Don’t just write content, model and design adaptive content to add real user value: Well-designed content incorporates content features and abilities that are born of use cases and structural plans; it is content that was put through a research phase, architectural design, beta development, testing, optimization, and launch phases for all of its components.
3. When should adaptive content actually adapt?
Develop a set of business rules: Adaptive content has to know when it should change. That means defining rules that will tell your system when to display what content. When codified into a computer system, the rules provide your platform with the necessary content adaptation guidelines.
4. Where will you display it?
Define the presentation layer: Defining the presentation comes last, but you want to think about the fundamentals early in the strategic process. Bridge the gap between content and UX by specifying clear content designs and functions, based on user stories.
5. Why are you bothering to create adaptive content?
Build your business case: Nothing is going to happen without business justification that’s been customized for your organization. Have a clear reason, and take it to the executives that have the most to gain. Try to win their support and build from there.
Adaptive content is cross-industry and future-proof
These Five Ws of adaptive content scale and apply to all types of businesses. They are appropriate for a prototype or for mounting an omni-channel content revolution in your enterprise, with as many iterations as necessary. In every sphere of business, people will benefit from the tailored experiences that adaptive content can facilitate.
Why you can’t put off adaptive content any longer
You may have thought to yourself by now that this sounds like a lot of work, and is probably far ahead of what your company is currently doing, thinking, or technically able to execute. If so, don’t worry. I believe you are in the majority. But it would be dangerous to let this lull you into a false sense of security. Organizations have developed all the puzzle pieces to put these solutions together. Every aspect and subsystem of an adaptive, dynamic, personalized content delivery platform and strategy has already been done. Your customers are more than ready. It is now a race to see who will meet the customer expectations first.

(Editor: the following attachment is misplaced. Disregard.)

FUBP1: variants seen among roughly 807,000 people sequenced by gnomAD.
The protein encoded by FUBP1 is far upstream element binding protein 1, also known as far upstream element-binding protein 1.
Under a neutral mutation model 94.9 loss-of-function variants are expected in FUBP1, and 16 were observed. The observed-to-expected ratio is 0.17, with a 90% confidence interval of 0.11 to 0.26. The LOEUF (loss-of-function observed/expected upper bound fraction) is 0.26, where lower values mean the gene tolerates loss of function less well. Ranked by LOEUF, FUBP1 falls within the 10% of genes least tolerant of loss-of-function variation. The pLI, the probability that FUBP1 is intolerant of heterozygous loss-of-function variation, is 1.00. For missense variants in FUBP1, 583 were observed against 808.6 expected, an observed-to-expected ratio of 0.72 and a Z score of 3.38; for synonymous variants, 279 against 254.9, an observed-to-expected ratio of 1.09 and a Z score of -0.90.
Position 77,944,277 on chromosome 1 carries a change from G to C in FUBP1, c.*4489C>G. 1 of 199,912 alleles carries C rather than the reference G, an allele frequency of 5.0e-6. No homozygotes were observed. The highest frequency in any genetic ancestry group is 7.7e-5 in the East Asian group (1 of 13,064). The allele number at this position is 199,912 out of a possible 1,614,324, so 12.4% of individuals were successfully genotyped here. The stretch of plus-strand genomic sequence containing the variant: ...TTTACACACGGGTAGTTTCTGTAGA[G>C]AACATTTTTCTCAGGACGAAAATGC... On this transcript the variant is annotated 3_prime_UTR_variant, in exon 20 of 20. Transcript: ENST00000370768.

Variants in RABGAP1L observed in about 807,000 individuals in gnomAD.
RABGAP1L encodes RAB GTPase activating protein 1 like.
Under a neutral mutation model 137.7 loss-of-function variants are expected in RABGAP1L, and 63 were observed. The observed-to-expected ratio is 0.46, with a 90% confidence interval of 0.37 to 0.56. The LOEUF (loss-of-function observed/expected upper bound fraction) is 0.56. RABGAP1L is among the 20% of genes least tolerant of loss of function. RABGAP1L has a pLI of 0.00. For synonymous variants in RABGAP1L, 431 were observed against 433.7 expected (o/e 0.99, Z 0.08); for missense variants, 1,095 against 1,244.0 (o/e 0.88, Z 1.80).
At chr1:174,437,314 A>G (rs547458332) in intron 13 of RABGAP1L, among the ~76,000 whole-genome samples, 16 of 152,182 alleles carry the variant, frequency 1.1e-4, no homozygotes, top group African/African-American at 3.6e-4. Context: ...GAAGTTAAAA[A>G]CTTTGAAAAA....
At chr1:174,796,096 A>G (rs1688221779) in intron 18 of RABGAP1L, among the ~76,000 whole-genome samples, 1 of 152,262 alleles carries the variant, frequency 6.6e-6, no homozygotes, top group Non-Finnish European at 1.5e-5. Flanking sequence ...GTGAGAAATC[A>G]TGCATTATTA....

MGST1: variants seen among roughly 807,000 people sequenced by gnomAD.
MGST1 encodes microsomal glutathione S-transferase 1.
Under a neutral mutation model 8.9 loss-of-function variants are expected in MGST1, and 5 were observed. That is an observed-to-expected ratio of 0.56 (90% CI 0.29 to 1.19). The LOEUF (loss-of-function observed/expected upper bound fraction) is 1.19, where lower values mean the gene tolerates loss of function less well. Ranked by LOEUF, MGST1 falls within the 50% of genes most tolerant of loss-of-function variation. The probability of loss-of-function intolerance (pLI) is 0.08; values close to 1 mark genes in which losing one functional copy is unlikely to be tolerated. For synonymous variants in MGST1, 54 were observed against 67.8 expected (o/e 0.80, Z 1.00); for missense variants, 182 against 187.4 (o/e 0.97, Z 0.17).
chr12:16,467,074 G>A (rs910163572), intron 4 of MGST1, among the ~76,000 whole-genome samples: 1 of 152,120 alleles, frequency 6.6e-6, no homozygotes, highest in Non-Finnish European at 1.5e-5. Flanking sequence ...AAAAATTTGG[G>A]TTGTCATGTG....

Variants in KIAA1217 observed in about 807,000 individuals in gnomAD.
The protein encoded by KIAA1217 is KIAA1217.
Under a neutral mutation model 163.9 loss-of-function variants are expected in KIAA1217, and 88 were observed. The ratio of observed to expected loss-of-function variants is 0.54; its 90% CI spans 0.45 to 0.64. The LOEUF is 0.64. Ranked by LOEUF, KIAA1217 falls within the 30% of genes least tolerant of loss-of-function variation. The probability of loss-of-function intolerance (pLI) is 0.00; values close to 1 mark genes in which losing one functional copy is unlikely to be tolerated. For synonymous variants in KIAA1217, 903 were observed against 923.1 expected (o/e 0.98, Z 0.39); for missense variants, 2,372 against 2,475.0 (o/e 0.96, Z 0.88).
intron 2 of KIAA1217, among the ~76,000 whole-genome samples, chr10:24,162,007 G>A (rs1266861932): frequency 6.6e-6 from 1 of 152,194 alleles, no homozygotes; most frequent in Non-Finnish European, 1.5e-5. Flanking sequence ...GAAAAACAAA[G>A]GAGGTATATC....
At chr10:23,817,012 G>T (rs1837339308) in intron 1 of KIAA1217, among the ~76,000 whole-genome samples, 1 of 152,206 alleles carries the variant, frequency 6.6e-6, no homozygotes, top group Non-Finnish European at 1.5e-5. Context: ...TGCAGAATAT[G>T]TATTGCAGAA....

For many organizations, especially those in B2B or those with large, complex or regulated content sets, implementation will be a multi-year journey, with many iterations and evolutions along the way. Organizations struggle to transform themselves to keep pace with communications options and customer demand. Delivering major changes in two years might mean having gotten started two years ago.
Overall, the benefits vastly outweigh the costs, and the risk of doing nothing is no less than risking being left out of the conversations of the future.
Image courtesy of Joseph Kalinowski/Content Marketing Institute